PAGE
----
It was a quiet day, the gals had a run, I was suffering with man-flu, so opted out. We lounged around, made a few skype calls and dining like kings and queens - Mo produced wonders in the kitchen. The goose was glorious, with all the trimmings.




Nickys early energy in the first video has clearly dwindled by the second one, later in the arvo and a few bottles worse for wear!!


The skype call to Buxton summed up many up there quite nicely, V cheating at board games, Jon being antisocial and Ewan performing!




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Ile d'Oleron Dec 2011

videoIn December 2011 Chris and Sharon Gibbs allowed us to visit thier wonderful beach house Ile d'Oleron on the Atlantic coast of France, roughtly half way down the country. We go back a long way - Nickys first job after graduating in Jan 1986 was house officre at Edgware General Hospital - Sharon was the previous post holder and was senior house officer for Nic's first 6 months.


After the disappointment of getting a flat on Friday 17th, we missed our ferry. Mazda, in thier wisdom, dont put a spare wheel and tyre in new cars nowadays, and the dodgy punture repair kit didnt work. This is a car Mazda, not a push bike. So we were towed to a quickfit place, left the car and stayed with Jane Young, and the kids Ben, Alice and Suzanna, who were all home. It was wonderful to see the guys.

On Saturday we got the car fixed up with new tyres then shot to Portsmouth, and got the ferry over to Caen before staying overing just South of Caen. The following day we did the 5 hour drive South to Ile d'Oleron.


 
The island is fantastic - jutting out into the Atlantic, it must be hugely popular with the locals in peak season. It was pretty empty when when we were there, but still a wonderful place to visit. We cycled round the paths to get the feel of half of the island. Its full of mussle and oyster producers, and lots of birds interested in the former! Chris and Sharon's house is fantastic - the garden shed had suffered a little in a recent storm, so we ended up trying to patch the roof felt, most of which was in the garden!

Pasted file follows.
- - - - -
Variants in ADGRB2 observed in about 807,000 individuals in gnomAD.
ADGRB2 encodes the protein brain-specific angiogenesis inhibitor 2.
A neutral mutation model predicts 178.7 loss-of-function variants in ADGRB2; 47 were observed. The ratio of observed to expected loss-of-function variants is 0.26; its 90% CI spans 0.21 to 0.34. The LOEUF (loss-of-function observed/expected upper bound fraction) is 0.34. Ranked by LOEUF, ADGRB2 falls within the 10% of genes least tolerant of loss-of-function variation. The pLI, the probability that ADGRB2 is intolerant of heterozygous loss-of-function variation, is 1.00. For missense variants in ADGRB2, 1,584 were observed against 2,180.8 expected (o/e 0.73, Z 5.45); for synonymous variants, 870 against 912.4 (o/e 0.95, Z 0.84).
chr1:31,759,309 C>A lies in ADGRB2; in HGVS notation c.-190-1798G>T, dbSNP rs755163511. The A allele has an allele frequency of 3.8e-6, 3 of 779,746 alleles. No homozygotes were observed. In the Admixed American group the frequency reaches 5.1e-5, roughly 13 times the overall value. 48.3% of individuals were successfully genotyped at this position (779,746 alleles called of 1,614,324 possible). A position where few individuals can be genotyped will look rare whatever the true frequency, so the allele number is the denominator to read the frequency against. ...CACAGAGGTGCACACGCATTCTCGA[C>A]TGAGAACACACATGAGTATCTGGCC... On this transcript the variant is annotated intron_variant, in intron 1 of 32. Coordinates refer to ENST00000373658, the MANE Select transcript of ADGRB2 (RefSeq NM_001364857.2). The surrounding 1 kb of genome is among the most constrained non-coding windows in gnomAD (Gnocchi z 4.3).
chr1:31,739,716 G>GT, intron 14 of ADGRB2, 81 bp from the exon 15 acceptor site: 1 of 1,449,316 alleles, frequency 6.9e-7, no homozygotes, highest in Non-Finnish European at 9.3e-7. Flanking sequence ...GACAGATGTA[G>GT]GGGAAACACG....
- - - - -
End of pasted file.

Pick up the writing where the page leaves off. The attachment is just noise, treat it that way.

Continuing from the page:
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We took a day out to drive down to Bordeaux, on the first of what was to be a series of wine tours in France. Readers of this blog will not be surprised to hear this! Bordeaux is a big region, with sub appellations spread over a large area. We decided to focus on the Left bank of the Gironde, the Haut-Medoc, and specifically the Margaux, St Julien, Pauillac and St Joseph appellations. One of the aims was to learn more about French wine, which can be a bit of a mystery. For example three wines in Pauillac are premier grand crus, the top drawer of the 1855 classification, and they are Latour, Lafite Rothschild and Mouton Rothschild. In good years these go for over 1000 euros a bottle! Just across the creek, there are some 2me crus, which are arguably just as good, in neighbouring St Julien, and they sell for a fraction of the price. Leoville Barton is one of our favourites - so it was great to see the vines, the chateau, and to stock up on some serious clarets!

I hate to say it, but however rude we Brits can be about the French, we really are very fond if thier country and its produce.